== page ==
Health Fellowships

Fellowships in Health.

Fulbright U.S. Student Program

The Fulbright U.S. Student Program is now the largest U.S. exchange program offering opportunities for students and young professionals to undertake international graduate study, advanced research, university teaching, and teaching in elementary and secondary schools worldwide.

Morris K. and Stewart L. Udall Scholarship Program

Udall Scholars are a diverse group of students who are united by their interest in our nation's heritage: natural resource protection, conservation, and Native American policy, health, and governance.

American India Foundation (AIF) Clinton Fellowship

The AIF Clinton pairs highly skilled young professionals with leading NGOs and social enterprises in India for ten months of service and fieldwork where fellows gain knowledge of development on the ground in the fields of education, livelihoods, public health, and social enterprise.

Global Health Corps

Global Health Corps provides a yearlong paid fellowship for young professionals from diverse backgrounds to work on the frontlines of the fight for global health equity at existing health organizations and government agencies.

Princeton in Africa

Princeton in Africa matches talented and passionate college graduates with partners working across Africa for yearlong service projects. The program is open to graduating seniors and young alumni from any accredited college or university in the U.S. Fellows have helped improve education and public health, source fresh water and alternative energy, increase family incomes, and much more.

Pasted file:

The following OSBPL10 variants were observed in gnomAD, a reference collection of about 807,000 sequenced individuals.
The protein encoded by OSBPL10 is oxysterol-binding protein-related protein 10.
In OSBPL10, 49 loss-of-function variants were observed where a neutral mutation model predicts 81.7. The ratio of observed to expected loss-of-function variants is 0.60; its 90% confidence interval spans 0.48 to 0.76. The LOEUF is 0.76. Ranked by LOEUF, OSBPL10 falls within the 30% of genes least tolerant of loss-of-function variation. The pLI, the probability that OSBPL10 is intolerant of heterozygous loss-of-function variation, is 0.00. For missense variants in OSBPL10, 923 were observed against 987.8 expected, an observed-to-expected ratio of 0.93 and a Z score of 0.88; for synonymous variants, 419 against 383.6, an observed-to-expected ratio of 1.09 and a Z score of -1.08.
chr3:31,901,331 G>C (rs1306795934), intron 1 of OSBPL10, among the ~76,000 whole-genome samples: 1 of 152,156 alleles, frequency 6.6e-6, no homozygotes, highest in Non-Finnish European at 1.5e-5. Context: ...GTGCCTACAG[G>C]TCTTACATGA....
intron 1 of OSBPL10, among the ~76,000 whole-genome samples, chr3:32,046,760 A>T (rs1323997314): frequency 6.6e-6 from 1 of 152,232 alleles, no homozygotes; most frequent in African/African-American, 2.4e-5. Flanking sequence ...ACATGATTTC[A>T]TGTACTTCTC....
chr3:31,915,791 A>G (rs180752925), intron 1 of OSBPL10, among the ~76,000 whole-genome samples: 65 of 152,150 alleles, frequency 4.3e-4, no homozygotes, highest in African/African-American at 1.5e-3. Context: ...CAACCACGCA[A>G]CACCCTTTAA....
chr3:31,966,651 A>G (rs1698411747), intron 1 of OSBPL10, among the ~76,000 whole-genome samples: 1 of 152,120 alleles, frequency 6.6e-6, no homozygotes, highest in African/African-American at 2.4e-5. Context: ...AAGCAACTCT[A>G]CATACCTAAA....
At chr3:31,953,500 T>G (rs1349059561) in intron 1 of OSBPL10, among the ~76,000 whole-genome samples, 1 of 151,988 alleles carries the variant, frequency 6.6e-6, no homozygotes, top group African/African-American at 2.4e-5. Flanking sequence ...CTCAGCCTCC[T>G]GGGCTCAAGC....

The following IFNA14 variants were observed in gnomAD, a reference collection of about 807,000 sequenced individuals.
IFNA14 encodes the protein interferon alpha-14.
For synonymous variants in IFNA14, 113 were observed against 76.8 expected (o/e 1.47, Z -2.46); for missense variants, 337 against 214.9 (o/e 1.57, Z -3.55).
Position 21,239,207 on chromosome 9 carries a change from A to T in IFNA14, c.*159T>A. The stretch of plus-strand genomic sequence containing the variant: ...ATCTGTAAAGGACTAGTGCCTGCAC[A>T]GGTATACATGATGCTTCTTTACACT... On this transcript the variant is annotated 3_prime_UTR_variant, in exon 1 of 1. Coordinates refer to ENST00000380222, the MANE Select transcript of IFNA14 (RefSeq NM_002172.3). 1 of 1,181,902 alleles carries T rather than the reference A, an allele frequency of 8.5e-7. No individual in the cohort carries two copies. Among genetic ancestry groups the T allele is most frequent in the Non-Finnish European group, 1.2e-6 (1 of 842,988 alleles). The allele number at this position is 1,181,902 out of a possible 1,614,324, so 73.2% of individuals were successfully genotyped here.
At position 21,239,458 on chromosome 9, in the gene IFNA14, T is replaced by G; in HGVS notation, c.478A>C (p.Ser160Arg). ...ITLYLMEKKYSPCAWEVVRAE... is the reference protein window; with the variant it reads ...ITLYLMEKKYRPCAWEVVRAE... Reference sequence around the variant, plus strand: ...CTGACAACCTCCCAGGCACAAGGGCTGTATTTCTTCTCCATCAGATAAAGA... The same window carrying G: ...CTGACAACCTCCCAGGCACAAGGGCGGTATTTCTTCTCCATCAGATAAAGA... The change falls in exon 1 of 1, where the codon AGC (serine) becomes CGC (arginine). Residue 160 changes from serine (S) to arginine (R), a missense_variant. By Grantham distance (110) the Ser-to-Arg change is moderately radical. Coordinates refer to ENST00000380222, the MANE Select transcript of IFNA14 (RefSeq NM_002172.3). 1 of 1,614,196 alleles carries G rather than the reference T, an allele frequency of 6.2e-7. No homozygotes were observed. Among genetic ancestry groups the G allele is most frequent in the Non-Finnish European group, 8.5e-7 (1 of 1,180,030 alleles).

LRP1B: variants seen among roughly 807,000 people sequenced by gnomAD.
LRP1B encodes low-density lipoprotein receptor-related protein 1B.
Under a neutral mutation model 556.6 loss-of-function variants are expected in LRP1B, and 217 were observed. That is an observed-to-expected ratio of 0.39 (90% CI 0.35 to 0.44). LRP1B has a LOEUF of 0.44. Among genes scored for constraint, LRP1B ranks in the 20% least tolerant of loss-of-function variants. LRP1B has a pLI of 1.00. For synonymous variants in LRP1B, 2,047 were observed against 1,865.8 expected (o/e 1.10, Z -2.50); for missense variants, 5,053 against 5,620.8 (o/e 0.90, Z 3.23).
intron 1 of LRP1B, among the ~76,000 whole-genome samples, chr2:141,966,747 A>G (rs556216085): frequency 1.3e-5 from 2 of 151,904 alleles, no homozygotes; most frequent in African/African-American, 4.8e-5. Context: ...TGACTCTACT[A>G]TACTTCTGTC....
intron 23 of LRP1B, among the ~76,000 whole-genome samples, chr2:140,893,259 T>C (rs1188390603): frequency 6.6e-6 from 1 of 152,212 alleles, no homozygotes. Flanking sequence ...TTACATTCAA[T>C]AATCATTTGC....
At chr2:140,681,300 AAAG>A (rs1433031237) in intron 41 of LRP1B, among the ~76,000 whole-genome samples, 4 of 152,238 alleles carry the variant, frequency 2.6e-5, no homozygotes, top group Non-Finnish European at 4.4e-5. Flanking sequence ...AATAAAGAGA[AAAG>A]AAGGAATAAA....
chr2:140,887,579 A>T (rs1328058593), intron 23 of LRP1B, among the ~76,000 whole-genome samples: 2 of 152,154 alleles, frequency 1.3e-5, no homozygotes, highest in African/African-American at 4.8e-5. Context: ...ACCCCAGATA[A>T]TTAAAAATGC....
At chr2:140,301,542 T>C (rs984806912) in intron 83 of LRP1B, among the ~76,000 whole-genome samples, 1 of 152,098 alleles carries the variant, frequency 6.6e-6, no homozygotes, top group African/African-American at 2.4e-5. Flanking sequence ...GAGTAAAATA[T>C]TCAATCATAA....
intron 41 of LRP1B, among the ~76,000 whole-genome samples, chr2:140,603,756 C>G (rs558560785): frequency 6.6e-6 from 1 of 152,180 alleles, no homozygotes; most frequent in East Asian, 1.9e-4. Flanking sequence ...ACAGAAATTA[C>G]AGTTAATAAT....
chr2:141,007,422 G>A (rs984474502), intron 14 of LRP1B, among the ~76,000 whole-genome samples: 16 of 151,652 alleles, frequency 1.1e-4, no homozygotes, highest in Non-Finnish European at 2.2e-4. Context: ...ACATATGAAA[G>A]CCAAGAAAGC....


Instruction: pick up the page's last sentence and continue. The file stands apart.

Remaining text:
Bill Emerson National Hunger Fellowship

The Emerson National Hunger Fellows Program is a unique leadership development program that trains, inspires, and sustains emerging leaders committed to social justice.

AAUW Selected Professions Fellowships

Established in 1970 with a $25,000 grant from the Max C. Fleischmann Foundation, Selected Professions Fellowships originally focused on opening doors for women in the male-dominated fields of law and medicine. The focus has since expanded to include science and technology as the demand for a technologically skilled work force has grown without proportional representation by women.